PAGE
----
|Kakabeka Falls, Ontario|
The amazing photographs of the dry river bed of the mighty Kaministiquia River were taken just below Kakabeka Falls near Thunder Bay, Ontario during the summer of 2010. The river, normally showing a fabulous cascade of water over the falls and rapidly-moving water all the way from one tree line to the other in the riverbed further downstream, is dried up.
There was virtually no water flowing over the popular and beautiful falls.
|Kakabeka Falls Dry 2010|
For all intents and purposes, there was virtually no flow in the waterway; the riverbed was dry. If a conduit and turbine inspection was taking place, was it necessary to shut off all water flow to the natural riverbed at the dam spillway above the falls? No.
What are the tangible consequences of drying out a riverbed in the heat of summer? What happens to molluscs, river clams, water bugs, crayfish, minnows, perch, trout, bass, sturgeon, suckers, walleye, pike and other fish trapped in small pools that quickly evaporate and dry up in the heat of the summer? The answer is not a happy one. Drying out in the heat of summer is catastrophic to all life forms in the river. They die. What happens to water plants and microscopic flora and fauna that grow on the rock in the river bed? The answer is the same. If maintained in a dry state too long, all life dries out and dies.
|Kaministiquia River bed- Dry 2010|
The Kaministiquia river is also considered to be a navigable waterway used by explorers, trappers and voyageurs since Canada was first explored, -- and by native populations for many millenia before that. The river is clearly not navigable without water. Kakabeka Falls Provincial Park is also far less attractive as a camping or tourist destination with little or no water plunging over the falls.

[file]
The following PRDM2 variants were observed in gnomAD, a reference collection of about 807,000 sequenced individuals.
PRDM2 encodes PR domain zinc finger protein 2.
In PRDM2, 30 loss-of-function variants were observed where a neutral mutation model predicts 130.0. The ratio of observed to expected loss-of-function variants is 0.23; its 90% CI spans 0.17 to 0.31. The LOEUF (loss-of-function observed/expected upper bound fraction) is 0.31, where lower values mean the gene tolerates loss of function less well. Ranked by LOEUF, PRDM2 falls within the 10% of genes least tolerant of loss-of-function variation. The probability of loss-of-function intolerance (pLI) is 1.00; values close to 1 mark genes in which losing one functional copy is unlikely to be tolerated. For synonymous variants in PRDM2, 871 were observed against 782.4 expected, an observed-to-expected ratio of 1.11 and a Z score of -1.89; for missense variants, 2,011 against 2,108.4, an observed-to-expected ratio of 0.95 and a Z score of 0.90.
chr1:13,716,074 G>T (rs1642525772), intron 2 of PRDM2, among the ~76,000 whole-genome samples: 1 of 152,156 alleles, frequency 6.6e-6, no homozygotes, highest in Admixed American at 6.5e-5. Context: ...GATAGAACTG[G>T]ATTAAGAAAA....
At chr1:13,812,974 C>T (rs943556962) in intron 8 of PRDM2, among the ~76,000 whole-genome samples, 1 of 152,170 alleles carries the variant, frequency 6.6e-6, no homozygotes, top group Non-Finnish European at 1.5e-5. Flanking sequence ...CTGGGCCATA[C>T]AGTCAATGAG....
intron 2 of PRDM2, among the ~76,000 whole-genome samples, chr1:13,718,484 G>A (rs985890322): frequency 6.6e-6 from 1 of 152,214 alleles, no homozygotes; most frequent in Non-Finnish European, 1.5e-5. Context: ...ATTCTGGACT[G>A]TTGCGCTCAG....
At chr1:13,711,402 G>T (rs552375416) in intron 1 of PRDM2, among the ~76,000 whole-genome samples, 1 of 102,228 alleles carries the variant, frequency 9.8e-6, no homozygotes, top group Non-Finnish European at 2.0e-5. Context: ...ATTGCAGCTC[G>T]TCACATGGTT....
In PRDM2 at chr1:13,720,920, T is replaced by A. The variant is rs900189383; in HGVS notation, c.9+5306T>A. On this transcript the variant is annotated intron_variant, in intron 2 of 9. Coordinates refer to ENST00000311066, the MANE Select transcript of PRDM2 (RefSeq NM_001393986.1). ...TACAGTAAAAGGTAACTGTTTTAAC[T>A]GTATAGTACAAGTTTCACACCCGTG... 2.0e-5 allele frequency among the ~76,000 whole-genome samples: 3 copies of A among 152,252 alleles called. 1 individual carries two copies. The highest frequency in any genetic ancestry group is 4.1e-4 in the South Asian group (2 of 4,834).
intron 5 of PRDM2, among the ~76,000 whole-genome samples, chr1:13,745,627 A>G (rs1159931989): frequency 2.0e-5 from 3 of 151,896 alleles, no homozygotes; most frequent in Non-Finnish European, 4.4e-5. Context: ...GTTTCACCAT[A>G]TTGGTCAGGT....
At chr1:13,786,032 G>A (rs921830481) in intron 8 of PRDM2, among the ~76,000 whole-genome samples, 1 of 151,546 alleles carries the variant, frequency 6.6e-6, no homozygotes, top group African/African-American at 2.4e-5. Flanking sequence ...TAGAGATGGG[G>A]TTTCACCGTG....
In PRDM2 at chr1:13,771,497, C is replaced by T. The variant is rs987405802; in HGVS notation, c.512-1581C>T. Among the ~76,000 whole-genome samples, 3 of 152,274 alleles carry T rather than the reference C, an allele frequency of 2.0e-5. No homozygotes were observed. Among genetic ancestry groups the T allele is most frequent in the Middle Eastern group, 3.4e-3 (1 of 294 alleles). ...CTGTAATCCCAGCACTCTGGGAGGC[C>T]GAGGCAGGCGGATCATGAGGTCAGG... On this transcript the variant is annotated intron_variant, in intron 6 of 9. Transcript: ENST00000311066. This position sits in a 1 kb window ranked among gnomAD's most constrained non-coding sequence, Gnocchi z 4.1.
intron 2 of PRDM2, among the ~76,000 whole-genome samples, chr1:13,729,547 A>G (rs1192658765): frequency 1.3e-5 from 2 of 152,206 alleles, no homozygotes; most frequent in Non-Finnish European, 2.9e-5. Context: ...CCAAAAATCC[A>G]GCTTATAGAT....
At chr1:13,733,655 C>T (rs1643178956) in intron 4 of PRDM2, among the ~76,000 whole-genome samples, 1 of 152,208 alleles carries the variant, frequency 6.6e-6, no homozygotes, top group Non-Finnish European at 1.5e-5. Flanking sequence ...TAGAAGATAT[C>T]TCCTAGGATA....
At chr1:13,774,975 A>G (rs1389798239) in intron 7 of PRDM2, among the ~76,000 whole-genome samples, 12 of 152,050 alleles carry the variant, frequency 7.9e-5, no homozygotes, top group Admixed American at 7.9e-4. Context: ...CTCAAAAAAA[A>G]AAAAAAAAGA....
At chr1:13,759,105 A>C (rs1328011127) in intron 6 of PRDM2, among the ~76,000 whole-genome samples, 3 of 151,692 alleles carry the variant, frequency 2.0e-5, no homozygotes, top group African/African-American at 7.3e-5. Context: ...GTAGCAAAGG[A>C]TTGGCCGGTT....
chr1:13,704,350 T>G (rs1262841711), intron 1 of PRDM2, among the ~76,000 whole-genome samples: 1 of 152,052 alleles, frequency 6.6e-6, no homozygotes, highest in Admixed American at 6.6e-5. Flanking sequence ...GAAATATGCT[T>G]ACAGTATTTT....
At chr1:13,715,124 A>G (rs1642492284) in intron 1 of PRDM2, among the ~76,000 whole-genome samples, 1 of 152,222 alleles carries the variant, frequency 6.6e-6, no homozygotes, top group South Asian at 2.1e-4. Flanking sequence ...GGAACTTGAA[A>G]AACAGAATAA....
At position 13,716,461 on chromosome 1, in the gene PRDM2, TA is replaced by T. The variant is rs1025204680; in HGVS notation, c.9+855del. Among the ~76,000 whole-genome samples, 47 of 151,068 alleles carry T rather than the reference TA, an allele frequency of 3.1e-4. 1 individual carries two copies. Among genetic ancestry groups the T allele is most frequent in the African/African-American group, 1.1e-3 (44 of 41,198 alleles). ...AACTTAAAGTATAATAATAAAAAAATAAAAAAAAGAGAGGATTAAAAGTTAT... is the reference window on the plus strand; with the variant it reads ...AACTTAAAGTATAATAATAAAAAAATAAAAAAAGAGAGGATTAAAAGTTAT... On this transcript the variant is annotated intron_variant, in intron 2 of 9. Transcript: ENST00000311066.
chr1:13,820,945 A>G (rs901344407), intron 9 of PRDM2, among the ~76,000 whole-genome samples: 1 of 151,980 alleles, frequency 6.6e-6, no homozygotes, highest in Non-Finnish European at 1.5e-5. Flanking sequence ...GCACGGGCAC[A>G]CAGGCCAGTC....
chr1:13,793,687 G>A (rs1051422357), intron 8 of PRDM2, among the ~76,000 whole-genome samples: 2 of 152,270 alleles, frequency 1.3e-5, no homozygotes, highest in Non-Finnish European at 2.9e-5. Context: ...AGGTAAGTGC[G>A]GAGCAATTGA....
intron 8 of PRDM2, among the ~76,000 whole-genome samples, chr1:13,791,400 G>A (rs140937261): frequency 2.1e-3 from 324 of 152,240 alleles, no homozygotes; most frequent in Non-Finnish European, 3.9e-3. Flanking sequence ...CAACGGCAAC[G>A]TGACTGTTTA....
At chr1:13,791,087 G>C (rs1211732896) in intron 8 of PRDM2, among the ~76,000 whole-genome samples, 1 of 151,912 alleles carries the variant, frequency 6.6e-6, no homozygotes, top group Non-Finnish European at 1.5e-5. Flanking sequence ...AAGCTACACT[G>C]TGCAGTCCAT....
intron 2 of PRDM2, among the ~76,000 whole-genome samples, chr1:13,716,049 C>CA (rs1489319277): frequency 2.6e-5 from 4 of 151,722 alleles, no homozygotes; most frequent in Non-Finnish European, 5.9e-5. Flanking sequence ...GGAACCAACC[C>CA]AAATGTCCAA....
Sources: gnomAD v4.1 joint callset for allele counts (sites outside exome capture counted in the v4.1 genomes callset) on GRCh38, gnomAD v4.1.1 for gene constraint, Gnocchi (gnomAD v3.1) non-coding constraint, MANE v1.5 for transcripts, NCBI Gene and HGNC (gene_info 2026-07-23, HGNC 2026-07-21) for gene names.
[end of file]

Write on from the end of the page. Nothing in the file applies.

The stock answer may be “power is needed”. Perhaps it is a good idea to sort fact from fiction. Power generated at Kakabeka Falls, Ontario is not only used in Northwestern Ontario. The electricity grid in Northwestern Ontario is arbitrarily interconnected to both the Manitoba power grid and the Southern Ontario grid. The Ontario grid is additionally connected to the insatiable American electrical grid south of the border.
Why is it necessary to allow the Kaministiquia River to dry out while there is such a huge, interconnected power grid to draw upon?
Does the requirement for electrical power ever justify absolute destruction of an environment simply because it is in “the remote northwest” , a corner of the province, where bureaucrats and executives of Ontario Power Generation think “nobody will notice?”
I think not.
Allowing this river bed to dry out is an unacceptable choice and must not be allowed to continue. I encourage the reader to ask their elected members of parliament to explain why this travesty is somehow deemed “acceptable" and ask them to ensure such occurrences are prevented in the future.